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James Webb, aided by gravitational lensing technology, has measured the colors of the farthest known star, Eärendel

James Webb, aided by gravitational lensing technology, has measured the colors of the farthest known star, Eärendel

Extremely distant stars, which are closest to the Big Bang in time, offer a glimpse into the early chapters of the universe’s history and are therefore of special interest to cosmologists and astrophysicists. In 2022, the Hubble Space Telescope broke its previous record and discovered the oldest known star, Eärendel. Today, the universe is 13.8 billion years old, but when the light from this star that we can observe today started toward us, the universe was not even a billion years old.

However, discovering the star and determining its distance was only the first step. Then came the James Webb Space Telescope. With the help of Webb’s first measurements, astrophysicists determined the celestial body’s spectral class and the type of galaxy hosting it. Recorded Webb spectra of the star and its host galaxy, Sunrise Arc, can also provide additional information about the brightness, temperature and chemical composition of the celestial body.

The farthest known star, Eärendel, and its host galaxy called the Arc, as well as its surroundings, as captured by the James Webb Space Telescope. The image of the star and its host galaxy has been magnified 4,000 times by the gravitational lensing effect of the bright foreground galaxy cluster and distorted into a curved shape. source: NASA, ESA, CSA/Zoltan J. Levi.

Through near-infrared spectroscopic measurements of the James Webb NIRCam (Near Infrared Camera), researchers determined that Eärendel is a massive B-type star, with a surface temperature more than twice that of the Sun, and a brightness of up to a million degrees. Times larger than our star.

The galaxy’s name, called the Eastern Sagittarius, suggests that spotting the star requires the help of natural gravitational lensing as well as the most powerful human telescopes. Both Hubble and the James Webb Space Telescope were able to detect Eärendel and its parent galaxy because their light was amplified by a massive foreground galaxy cluster, WHL0137-08, while distorting the image of the parent galaxy into a curve. The effect of gravitational lensing magnified the galaxy 4,000 times and amplified its light along with that of Eärendil to a similar extent. Despite this high magnification, the star itself still appears as a single point of light in space telescope images.

Massive stars like Eärendel often have a companion star. Given the extreme distance, astronomers did not expect that, if there was a companion, it would appear separately next to Eärendel in the James Webb image. But just studying the star’s colors suggests that Eärendel may have a cooler, redder companion orbiting it. Cosmic redshift pushed this light into a wavelength range no longer accessible with Hubble’s instruments, but detectable thanks to James Webb’s infrared sensitivity.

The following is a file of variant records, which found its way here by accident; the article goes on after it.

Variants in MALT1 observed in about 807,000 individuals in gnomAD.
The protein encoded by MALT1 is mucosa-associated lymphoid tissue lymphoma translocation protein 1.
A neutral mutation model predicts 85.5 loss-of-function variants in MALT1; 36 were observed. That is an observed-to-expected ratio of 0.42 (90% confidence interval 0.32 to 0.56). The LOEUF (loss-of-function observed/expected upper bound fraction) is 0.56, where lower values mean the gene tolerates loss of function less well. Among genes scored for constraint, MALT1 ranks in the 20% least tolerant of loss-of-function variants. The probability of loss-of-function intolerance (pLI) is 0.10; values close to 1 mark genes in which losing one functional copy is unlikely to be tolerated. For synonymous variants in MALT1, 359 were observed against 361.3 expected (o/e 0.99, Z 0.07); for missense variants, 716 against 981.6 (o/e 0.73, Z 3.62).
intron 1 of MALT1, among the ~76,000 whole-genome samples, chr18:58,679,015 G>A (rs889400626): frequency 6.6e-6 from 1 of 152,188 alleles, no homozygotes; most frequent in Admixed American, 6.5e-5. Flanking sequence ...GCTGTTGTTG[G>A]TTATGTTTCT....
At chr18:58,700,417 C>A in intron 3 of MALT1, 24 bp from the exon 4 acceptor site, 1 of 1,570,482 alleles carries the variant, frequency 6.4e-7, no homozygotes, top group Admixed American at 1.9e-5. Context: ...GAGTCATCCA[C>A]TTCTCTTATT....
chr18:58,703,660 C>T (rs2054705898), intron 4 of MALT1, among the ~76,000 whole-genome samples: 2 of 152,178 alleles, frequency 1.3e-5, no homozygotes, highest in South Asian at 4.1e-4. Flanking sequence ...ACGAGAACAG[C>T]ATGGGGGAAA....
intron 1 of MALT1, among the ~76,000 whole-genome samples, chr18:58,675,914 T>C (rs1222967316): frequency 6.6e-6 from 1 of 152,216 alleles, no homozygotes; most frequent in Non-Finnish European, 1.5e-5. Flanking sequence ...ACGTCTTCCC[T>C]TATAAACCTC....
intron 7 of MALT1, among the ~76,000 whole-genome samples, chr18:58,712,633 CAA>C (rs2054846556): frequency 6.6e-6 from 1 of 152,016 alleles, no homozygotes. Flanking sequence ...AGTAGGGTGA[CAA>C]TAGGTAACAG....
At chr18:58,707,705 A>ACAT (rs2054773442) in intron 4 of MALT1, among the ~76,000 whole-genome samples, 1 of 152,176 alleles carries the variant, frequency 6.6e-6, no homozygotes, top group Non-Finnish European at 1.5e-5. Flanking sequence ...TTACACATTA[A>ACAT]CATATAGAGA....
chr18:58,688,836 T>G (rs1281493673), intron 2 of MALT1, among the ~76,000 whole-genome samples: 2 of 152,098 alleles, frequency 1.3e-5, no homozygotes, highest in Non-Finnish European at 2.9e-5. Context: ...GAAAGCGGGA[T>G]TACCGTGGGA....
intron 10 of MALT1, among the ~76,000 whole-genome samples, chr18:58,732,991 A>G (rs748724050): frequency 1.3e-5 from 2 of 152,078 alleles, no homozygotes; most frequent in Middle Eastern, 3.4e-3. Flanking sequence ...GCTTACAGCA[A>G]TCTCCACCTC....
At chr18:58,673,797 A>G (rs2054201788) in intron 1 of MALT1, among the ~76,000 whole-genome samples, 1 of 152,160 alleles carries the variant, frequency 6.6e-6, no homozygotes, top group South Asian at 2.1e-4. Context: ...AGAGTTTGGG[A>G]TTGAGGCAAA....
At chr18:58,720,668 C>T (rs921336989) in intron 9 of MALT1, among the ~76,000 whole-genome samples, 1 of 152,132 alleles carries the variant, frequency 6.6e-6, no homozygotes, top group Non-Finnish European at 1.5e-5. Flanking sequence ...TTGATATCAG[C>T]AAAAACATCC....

Thanks to the magnification resulting from the effect of gravitational lensing, James Webb is also able to study the structure of the host galaxy, the Sun’s arc, a special opportunity to learn about the conditions of the young universe, which is less than a billion years old. In the Galaxy, in addition to young star formation regions, relatively older and very small star clusters up to 10 light-years in diameter can also be seen. The star-forming region that hosts Eärendel is less than five million years old, while the neighboring double-image star cluster due to the peculiarity of gravitational lensing, a slightly older, already established star cluster, is at least ten million years old. Astronomers determined that it was a gravity-related formation, so it may still exist today. This collection provides a glimpse into what the Milky Way’s globular clusters looked like when they formed 13 billion years ago.

Astronomers are currently analyzing Webb/NIRCam data from Earendel and Sunrise Arc to determine the exact chemical composition and distance between them. Since Eärendel, Hubble has discovered additional ancient stars, albeit slightly less distant ones, using the same method. With James Webb’s measurements, astrophysicists have opened a new window into the young universe, where galaxies were until now the smallest observable formations.

The members of the first generation of stars have not yet been discovered, but astronomers are cautiously confident that, using this method, they will soon find the first star consisting solely of the raw materials created in the Big Bang – only hydrogen and helium. .



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